Revision of Regulation (EC) No 1272/2008 on hazard classification, labelling and packaging of chemical substances and mixtures

In “A European Green Deal”

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In its work programme for 2022, the European Commission announced that it would put forward a revision of Regulation (EC) No 1272/2008 on hazard classification, labelling and packaging of chemical substances and mixtures (CLP regulation). This revision was foreseen in the EU Chemicals strategy for sustainability, part of the European Green Deal.

The CLP regulation aims to ensure a high level of protection of health and the environment, as well as the free movement of substances, mixtures and articles. It is based on the United Nations' Globally Harmonized System of Classification and Labelling of Chemicals. The CLP regulation requires manufacturers, importers or downstream users to assess whether the substances and mixtures they place on the market have harmful properties, based on the CLP criteria. The EU may adopt a harmonised classification, which then applies across the EU to all duty holders. This is the case, for instance, for substances of highest concern (carcinogenic, mutagenic, or toxic for reproduction).

Once a substance or mixture is classified, the identified hazards need to be communicated to other actors in the supply chain, including workers and consumers. The CLP contains detailed requirements on labelling (including pictograms, signal words and standard statements for hazard, prevention, response, storage and disposal). It further provides for general packaging standards to ensure the safe supply of hazardous substances and mixtures.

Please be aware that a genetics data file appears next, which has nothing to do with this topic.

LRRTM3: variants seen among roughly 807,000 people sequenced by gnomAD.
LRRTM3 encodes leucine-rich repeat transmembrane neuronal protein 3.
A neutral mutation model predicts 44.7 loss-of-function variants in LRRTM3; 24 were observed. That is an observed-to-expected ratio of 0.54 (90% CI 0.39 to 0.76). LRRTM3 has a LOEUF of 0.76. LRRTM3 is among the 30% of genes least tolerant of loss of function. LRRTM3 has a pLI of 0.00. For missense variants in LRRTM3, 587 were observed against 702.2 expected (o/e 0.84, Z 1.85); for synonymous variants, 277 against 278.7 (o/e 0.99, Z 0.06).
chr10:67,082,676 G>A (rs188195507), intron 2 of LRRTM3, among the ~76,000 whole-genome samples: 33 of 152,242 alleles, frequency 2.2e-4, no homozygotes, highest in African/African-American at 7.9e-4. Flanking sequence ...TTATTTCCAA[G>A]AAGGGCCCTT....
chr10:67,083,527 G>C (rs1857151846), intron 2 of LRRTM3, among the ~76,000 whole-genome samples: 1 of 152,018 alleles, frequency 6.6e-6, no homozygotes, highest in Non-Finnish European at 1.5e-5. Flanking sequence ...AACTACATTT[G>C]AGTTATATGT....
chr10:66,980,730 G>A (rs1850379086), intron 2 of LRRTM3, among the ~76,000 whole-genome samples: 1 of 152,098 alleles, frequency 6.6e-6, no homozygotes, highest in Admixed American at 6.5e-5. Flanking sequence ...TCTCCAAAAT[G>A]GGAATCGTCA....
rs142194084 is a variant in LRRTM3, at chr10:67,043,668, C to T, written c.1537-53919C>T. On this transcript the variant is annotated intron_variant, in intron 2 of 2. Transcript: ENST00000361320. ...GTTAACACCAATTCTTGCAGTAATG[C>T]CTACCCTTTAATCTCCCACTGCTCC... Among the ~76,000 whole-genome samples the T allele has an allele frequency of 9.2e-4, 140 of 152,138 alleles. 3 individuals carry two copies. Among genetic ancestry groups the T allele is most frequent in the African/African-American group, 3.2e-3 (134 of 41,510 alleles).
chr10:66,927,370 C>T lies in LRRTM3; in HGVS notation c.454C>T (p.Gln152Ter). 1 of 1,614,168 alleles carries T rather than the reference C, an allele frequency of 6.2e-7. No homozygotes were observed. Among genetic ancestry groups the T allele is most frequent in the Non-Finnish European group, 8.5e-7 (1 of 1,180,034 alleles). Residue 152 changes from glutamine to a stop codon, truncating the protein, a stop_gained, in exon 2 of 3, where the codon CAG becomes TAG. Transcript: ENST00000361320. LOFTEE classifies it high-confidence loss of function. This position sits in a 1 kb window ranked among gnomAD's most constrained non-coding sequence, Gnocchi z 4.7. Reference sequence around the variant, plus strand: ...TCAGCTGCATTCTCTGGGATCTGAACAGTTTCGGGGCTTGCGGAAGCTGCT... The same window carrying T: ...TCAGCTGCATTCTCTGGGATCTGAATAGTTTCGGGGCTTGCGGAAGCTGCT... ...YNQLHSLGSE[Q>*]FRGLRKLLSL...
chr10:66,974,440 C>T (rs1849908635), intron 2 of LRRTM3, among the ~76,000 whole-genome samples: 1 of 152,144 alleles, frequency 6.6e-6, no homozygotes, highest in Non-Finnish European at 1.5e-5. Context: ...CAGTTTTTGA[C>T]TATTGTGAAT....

The legislative proposal for revising the CLP was tabled on 19 December 2022. The amendments proposed to the CLP regulation aim to ensure the comprehensive identification and classification of chemical hazards; to improve hazard communication (for instance through obligatory formatting rules, such as minimum font size and colour, as well as new provisions on chemicals sold in refillable containers, and on voluntary digital labelling); and to address legal gaps and ambiguities in the CLP regulation, in particular as regards online sales and poison centre notifications.

As part of the CLP regulation revision package, the Commission adopted a delegated act adding definitions and criteria to enable substances and mixtures with endocrine disrupting; persistent, bioaccumulative and toxic; very persistent and very bioaccumulative; persistent, mobile and toxic; or very persistent and very mobile properties to be classified into established hazard classes. This act, which was subject to scrutiny by the European Parliament and Council, was published in the EU Official Journal on 31 March 2023, and entered into force on 20 April.